European Union

Greece, Ireland and the eurozone crisis

Issue section: 
Issue: 
Author: 

Pigs. It's not an insult as such, but that depends on what it's referring to.

In this case it's an acronym coined by "economic analysts" to describe the European countries that have been hardest hit by the recession: Portugal, Ireland, Greece and Spain.

Now, I happen to be Irish, but I'm not particularly nationally-minded, so on one level it doesn't bother me all that much. However, when you consider who these "economic analysts" are, and what their role has been in the crisis affecting Greece, it's a different story.

Letter from Ireland

Issue section: 

Ireland's rejection of the Lisbon Reform Treaty went against the wishes and deceptions of the ruling elite, writes Richard Boyd Barrett

Irish voters delivered a major blow to the plans of Europe's rulers and the Irish political establishment by voting against the Lisbon Reform Treaty on 12 June. Supporters of Lisbon have been quick to try and frighten the Irish public with the consequences of their No vote - a continuation of the strategy of the Yes side during the campaign.

The No's Have It

Issue section: 

Alex Callinicos examines the problems facing Europe's ruling class.

Europe In Crisis' has been a regular fallback for headline writers over the decades. But now, after the referendums in France and the Netherlands, the European Union really is in crisis. Various factors have gone into the making of this crisis, some of which have been in the foreground of the debate on the proposed European Constitution - for example, the implications for the EU of enlargement to incorporate East and Central Europe.

Revolt against the elites

France: What Part of 'No' Don't They Understand?

Issue section: 
Issue: 
Author: 

Opposition to the EU has shocked the French right.

A joyful No.' This was how dissident Socialist Party deputy Jean-Luc Mélenchon summed up the remarkable campaign that has developed against the proposed constitutional treaty for the European Union, the subject of a referendum in France on 29 May.

Mélenchon was speaking at a 6,000-strong meeting organised by the French Communist Party in Paris last month. It brought together as broad a platform of speakers from the left as any meeting held in France over the past decade.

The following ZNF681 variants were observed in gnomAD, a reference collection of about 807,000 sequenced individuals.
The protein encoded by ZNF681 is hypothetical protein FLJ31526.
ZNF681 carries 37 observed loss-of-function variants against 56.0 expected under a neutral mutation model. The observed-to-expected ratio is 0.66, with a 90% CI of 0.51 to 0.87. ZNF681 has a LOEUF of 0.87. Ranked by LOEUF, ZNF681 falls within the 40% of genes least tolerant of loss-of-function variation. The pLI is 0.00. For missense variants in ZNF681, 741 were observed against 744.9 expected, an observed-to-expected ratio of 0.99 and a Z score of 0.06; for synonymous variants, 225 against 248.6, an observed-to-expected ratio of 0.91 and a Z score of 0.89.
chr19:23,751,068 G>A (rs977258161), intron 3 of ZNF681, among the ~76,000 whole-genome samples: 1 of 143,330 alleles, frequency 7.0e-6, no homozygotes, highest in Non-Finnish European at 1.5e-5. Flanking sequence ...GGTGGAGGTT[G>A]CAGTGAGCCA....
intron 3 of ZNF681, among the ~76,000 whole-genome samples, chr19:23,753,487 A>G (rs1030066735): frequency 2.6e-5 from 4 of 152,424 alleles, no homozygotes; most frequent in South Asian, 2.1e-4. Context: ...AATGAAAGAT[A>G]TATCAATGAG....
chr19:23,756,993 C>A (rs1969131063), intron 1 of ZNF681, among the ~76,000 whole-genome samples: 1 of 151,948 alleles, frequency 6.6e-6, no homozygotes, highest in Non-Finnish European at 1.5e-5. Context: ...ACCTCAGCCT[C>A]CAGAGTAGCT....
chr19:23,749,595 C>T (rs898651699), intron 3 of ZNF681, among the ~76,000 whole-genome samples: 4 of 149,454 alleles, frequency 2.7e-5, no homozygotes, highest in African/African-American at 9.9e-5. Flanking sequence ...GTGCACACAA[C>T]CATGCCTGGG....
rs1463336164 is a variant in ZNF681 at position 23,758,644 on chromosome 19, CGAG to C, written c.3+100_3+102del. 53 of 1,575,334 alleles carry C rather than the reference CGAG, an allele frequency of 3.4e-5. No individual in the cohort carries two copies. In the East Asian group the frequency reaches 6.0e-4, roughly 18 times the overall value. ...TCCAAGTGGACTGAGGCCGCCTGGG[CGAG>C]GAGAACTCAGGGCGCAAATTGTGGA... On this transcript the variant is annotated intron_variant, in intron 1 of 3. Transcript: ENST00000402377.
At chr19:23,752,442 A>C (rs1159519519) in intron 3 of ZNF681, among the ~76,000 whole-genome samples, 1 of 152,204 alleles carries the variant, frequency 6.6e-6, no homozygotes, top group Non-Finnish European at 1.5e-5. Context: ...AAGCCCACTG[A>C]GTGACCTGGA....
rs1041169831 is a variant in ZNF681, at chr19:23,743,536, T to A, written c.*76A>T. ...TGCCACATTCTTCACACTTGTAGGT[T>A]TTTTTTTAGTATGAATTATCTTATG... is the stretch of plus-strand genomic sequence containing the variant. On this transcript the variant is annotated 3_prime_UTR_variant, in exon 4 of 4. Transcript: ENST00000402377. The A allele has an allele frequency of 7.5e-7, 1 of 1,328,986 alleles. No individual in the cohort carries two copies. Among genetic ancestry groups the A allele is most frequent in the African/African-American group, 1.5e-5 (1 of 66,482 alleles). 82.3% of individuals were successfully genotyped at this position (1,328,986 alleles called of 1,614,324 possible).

Referendum Poses the Wrong Question

Issue section: 
Author: 

As jingoistic anti-EU rhetoric abounds, Andrew Stone looks for the real arguments.

Barely a week after elections to the European Parliament delivered a stinging rebuke to government parties - with the largest parties in 23 out of the 25 EU member countries suffering a drop in their share of the vote - ministers from these parties agreed the text of a 330-page EU constitution. It provoked the right wing press into apoplectic jingoism, which Tony Blair countered by wrapping himself in the Union Jack and boasting of 'red line' British issues defended from the continentals.

Europe: Enter at your Peril

Issue section: 
Issue: 

Tony Blair's government was due to announce the result of the Treasury's 'five economic tests on the euro' on 9 June, after bitter rows within New Labour.

We have come a long way since the Tories seemed to have a monopoly on being torn apart by arguments over the euro and Europe. Labour's official policy is that it will call a referendum and then argue for entry if it is 'in Britain's economic interest to do so'. The problem is that this supposedly 'economic' judgement on the five tests is in fact also about politics. And there are three deep splits behind the reluctance either to decisively reject the euro or to leap into the unknown of a referendum.

Pages

Subscribe to RSS - European Union